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Challengers – Inclusion

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My name is Laura Sercombe and I have the pleasure and honour of being the CEO of Challengers, an amazing charity that is championing inclusion for disabled children and young people.  We were so happy to have been nominated for the National Diversity Awards that gives Challengers a platform to talk about how important the charity is.

Challengers believes that every child and young person has the right to play and to have the same choices as their peers. Play is a fundamental part of all of our lives. It is a chance to relax, to make friends and to develop as an individual. We know that families with disabled children very often have complex lives and that they often face isolation and social exclusion. This means that disabled children simply don’t have the same opportunities as their non-disabled peers.

Recent research has found that 86% of families with disabled children don’t have access to a regular leisure activity. Furthermore we are told that disabled children are excluded from other settings and recent research with families by Sense identified that 51% of disabled children in the UK have been actively excluded from play.

So for Challengers to offer a solution might seem like a big ask if not everyone can do this, but this does not and never has deterred the charity. We will make provision, whether it is to provide training or extra staffing or some other solution, to make sure that someone who wants to come to a scheme is able to. We are determined that we will never exclude a child or young person; no matter how complex that might be.

However, in addition to this we believe that we need to be an inclusive organisation and our entire approach is based on the social model of disability. This is a model that does not see the individual as ‘the problem’; someone to be ‘made well’ or ‘fixed’ somehow. This model sees the barriers to be those created by society and in some cases these might be physical, but so often they are attitudinal. We believe along with many others, that the solution is to bring children and young people together and normalise their experiences as much as possible.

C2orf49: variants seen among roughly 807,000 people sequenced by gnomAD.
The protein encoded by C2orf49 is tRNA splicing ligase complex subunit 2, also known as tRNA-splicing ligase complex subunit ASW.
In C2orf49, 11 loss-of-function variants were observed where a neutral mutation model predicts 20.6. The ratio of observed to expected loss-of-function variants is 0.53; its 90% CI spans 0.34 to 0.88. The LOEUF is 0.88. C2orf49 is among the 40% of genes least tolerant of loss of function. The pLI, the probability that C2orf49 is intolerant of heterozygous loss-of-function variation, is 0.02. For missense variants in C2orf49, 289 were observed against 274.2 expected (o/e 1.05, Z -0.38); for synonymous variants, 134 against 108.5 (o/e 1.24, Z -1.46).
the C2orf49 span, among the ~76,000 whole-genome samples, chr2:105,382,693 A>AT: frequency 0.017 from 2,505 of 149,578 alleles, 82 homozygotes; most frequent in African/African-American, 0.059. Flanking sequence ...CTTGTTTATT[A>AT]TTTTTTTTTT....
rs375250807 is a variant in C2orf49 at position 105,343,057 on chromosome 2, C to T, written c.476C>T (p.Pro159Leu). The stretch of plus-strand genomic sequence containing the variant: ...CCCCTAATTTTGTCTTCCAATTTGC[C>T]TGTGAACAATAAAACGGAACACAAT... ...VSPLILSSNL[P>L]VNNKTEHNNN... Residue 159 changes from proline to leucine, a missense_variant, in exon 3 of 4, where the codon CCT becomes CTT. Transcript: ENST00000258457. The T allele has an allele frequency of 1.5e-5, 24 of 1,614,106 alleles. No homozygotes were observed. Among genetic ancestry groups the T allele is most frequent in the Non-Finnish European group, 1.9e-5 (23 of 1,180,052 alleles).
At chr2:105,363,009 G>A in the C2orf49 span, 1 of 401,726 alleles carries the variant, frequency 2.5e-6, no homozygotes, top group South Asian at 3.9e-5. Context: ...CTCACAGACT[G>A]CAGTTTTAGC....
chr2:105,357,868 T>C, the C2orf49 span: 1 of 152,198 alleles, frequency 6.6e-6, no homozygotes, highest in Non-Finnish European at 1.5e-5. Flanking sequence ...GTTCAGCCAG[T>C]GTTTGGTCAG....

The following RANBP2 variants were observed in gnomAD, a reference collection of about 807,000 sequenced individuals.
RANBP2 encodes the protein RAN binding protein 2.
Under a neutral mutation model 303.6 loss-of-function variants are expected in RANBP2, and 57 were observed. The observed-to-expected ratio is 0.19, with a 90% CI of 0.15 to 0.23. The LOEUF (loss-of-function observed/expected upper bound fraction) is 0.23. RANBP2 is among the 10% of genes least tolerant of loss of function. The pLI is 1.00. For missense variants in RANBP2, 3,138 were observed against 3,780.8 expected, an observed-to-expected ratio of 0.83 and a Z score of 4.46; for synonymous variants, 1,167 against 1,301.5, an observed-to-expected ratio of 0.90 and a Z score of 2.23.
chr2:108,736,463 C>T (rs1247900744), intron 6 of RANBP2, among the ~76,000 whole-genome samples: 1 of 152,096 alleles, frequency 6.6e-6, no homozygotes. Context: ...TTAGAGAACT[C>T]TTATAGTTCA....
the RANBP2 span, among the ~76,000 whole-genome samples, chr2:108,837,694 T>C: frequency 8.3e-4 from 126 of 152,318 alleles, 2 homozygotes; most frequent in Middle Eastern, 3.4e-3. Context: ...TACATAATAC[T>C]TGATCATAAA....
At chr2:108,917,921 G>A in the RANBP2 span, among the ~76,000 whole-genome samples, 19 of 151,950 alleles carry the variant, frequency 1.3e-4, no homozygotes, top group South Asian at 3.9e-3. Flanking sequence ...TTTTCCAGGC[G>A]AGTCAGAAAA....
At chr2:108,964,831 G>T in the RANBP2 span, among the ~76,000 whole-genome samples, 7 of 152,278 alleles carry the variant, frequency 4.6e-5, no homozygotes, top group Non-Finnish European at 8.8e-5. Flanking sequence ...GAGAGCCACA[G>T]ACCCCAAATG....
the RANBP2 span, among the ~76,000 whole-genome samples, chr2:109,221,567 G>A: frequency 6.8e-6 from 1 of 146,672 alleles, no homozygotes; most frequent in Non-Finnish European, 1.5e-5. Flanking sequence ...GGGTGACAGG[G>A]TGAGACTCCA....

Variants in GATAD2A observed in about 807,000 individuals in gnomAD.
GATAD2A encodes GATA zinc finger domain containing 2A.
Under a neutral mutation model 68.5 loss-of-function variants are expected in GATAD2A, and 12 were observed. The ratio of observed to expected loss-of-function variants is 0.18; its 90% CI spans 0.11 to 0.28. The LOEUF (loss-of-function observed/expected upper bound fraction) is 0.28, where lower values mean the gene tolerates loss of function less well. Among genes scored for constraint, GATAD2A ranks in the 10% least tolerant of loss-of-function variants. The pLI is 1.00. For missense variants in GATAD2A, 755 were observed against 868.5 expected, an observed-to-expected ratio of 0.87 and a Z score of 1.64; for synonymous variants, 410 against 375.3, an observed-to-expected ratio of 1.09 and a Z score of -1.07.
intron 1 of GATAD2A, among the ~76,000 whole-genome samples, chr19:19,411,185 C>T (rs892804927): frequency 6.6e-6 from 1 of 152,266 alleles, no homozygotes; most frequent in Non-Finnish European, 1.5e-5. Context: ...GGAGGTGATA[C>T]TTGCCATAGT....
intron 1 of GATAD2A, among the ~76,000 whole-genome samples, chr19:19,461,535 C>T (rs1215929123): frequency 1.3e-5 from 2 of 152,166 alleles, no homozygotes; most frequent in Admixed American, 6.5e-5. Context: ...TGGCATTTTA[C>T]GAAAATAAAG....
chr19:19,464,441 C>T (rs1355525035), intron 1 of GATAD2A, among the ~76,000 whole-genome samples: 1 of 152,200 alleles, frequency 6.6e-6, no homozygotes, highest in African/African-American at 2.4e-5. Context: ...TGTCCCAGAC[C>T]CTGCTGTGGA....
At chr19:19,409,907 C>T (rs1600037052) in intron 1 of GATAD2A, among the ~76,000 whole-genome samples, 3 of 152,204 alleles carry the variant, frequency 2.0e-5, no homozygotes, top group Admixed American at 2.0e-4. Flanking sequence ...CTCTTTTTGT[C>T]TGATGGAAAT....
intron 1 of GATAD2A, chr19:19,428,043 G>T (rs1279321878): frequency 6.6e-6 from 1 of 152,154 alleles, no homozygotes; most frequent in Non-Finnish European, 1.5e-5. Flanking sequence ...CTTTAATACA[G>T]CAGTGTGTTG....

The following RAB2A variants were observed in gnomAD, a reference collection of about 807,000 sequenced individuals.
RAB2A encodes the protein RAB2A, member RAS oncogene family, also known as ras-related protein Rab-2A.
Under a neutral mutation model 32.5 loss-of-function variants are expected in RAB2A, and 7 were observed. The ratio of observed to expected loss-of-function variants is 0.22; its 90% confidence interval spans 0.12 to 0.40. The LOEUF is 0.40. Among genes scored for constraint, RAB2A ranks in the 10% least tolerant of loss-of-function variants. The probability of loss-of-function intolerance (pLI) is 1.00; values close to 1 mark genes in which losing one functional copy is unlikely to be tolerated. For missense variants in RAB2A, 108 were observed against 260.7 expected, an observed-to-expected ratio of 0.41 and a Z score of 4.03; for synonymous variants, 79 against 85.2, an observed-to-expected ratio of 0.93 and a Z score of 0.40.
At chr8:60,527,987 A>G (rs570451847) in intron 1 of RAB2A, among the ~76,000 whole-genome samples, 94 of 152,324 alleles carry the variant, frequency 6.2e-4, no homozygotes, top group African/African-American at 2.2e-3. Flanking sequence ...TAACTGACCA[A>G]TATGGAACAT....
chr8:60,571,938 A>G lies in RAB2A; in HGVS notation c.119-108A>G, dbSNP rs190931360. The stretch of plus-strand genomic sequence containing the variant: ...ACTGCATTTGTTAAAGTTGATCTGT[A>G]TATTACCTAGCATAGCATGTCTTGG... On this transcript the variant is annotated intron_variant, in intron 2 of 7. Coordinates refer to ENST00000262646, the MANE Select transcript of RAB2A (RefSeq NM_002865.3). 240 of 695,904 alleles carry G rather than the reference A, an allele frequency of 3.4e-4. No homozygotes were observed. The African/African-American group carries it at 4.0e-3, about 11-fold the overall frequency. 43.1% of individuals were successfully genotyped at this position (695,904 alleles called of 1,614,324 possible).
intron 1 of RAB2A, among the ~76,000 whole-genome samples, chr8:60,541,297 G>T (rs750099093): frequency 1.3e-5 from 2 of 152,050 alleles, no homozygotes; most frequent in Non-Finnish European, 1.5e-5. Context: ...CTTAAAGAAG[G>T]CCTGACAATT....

97% of disabled children live at home now with their families which is normal and wonderful. However those children need access to the same amount of everyday play and leisure opportunities as others, and society will only ever be inclusive if we start making it that way. We know through our work that to start doing so as young as possible is the answer, and at our preschool children are non-judgemental and accept each other for the people they are. Our play and youth workers see the world very differently after working at Challengers and are driven to achieve inclusion both at and outside of work as a result.

So although at Challengers we are working towards increasing delivery for disabled children and young people as a priority, we are attempting to do this with an inclusive approach because we believe this should be the norm. Our vision is a world where all children and young people can play together, freely. We understand that our role in working towards that, our mission, is to provide truly inclusive, fun and safe places where all disabled children and young people can spend time with their friends.  At the same time we recognise that this is having a positive impact for families and the wider community.

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